Digital employee advocacy.  One category of social influencer that is often overlooked by organizations are the very people who work in your organization.  These internal influencers, employee advocates, are closer to your products and services than anyone else.  When they say something online their messages are trusted by the audience they reach.  Because your employees live your brand, when they use their online assets and social networks they can generate a tremendous amount of positive exposure for your brands.

“Employees can generate a tremendous amount of positive online exposure for your brands.”

It doesn’t matter if you have a company of 5 employees or 10,000.  You want to engage these people to share their love of what they do, and the products and services they represent, with the online world.  You might have an online rock-n-roll star and not even know it.  This is a new idea for many companies.  In fact, some companies try hard to prevent employees from seeing or using social.  This is not only impossible, it is counter productive.  Employees are now an essential aspect of your digital marketing strategy.

There are two pieces to this puzzle.  First, you need to listen.  You need to find out who in your company is currently an influencer, blogger or advocate.  And, what are they saying? Obviously if you have five employees it won’t be that difficult.  When you get past 100 it’s not so easy. Finding the right people.  Again we need to look at the new way of doing business.  In the old model the CEO would say “find me a list.”  They are looking for the list of internal and external influencers.  It makes sense, but today doesn’t work that way.  You need to listen to what people are saying to decide who should be a spokesperson.  Not everyone can.  And, good spokespeople may have small networks, which can be o.k.

BY THE NUMBERS – According to the Pew Research 15% of Facebook users have more than 500 friends. Among adult Facebook users, the average (mean) number of friends is 338, and the median (midpoint) number of friends is 200.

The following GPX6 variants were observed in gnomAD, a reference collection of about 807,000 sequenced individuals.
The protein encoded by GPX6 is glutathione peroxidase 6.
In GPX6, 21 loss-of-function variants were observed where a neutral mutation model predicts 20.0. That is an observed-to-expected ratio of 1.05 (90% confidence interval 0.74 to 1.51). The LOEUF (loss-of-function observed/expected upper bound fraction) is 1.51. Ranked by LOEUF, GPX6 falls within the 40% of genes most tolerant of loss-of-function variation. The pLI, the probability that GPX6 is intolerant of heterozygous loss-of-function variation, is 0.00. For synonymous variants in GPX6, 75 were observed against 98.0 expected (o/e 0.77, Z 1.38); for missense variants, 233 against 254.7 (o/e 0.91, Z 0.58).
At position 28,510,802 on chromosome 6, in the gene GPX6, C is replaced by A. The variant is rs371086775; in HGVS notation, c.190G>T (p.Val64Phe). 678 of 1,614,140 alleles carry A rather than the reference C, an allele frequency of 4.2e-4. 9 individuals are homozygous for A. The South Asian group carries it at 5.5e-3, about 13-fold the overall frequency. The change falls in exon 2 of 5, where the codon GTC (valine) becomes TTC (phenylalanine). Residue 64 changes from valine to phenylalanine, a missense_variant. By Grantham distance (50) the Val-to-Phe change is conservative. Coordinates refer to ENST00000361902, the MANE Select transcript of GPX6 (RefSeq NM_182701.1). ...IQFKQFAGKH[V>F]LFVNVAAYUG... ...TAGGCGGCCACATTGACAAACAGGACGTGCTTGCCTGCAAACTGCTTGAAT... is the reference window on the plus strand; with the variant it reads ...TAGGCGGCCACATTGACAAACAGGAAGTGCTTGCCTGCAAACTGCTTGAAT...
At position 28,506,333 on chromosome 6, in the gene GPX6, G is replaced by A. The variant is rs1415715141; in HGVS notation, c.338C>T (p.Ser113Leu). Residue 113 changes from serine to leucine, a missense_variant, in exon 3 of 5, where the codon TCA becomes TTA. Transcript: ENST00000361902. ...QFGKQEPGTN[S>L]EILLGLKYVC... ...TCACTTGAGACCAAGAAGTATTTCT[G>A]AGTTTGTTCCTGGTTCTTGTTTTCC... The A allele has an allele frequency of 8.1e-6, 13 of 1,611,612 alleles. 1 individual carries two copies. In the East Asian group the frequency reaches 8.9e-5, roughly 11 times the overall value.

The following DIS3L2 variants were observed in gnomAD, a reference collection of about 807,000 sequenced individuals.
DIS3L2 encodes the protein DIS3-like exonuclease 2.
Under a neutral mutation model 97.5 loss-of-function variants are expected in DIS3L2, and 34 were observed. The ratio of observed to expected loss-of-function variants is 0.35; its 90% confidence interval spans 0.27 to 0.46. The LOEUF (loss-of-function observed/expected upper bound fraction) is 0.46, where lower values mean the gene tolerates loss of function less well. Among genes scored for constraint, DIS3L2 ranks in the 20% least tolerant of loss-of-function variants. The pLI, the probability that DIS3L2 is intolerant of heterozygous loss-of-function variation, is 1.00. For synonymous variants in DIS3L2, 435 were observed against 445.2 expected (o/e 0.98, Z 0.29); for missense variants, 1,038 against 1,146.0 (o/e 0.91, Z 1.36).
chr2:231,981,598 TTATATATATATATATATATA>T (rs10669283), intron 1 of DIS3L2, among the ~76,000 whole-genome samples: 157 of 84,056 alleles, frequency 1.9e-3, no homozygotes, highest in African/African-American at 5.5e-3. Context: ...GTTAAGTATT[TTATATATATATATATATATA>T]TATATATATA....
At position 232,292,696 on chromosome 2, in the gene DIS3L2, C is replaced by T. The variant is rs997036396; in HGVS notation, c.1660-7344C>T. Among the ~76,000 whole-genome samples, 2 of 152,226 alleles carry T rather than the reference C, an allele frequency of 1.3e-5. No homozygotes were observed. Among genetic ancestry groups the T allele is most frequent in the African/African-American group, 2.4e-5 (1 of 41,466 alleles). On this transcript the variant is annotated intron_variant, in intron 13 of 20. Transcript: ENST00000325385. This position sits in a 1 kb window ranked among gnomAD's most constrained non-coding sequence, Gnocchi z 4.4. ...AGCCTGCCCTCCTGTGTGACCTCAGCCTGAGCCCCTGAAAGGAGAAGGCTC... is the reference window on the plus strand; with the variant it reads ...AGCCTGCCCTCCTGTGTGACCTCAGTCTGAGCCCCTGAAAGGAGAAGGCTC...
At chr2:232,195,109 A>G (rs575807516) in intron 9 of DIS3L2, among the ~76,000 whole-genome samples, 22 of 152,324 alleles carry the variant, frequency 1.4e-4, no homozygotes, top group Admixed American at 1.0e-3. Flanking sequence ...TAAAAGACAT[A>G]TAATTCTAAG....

Indeed, when you look at the social networks that people have they often fall into one of two categories.  One type of person has a very large network.  Thousands of friends in all sorts of geographic locations with diverse interests.  A second type is the person who has a small network, but it is very focused… perhaps 200 people who love music, or skiing, or cooking.  So you can see that both could be useful to your cause.  The fact is that if you have 100 employees the number of people that could be contacted via social networks could easily reach 500,000.  Can you imagine how helpful that could be with new product launches… or even crisis communications?

The second thing you want to do is engage employees in the process of online dialog to create a powerful social marketing engine. Not surprisingly there are a number of companies that provide online services and software tools to help you with the entire process – identify, engage and monitor the usage of social media by your employees.  GaggleAMP® (http://www.gaggleamp.com) is one example.  Their system helps you see who is sharing content and is active on social media on behalf of your company and brands.  They also make it easy to share and measure the impact of employee generated content and even have games to encourage it.

They have discovered something else.  Employees who are most active with online dialog reflect the positive characteristics of pride, ambition, and happiness.   As a result one gauge of employee satisfaction is their online engagement, which corresponds to the emotional and functional commitment they have to the organization.  This is powerful because it shows that online engagement is this two-way street that connects employees to their jobs and their networks.  Your brands benefit from the interaction and you can learn about and enhance employee satisfaction.

This article is an excerpt from the marketing book Transformative Digital Marketing available on Amazon.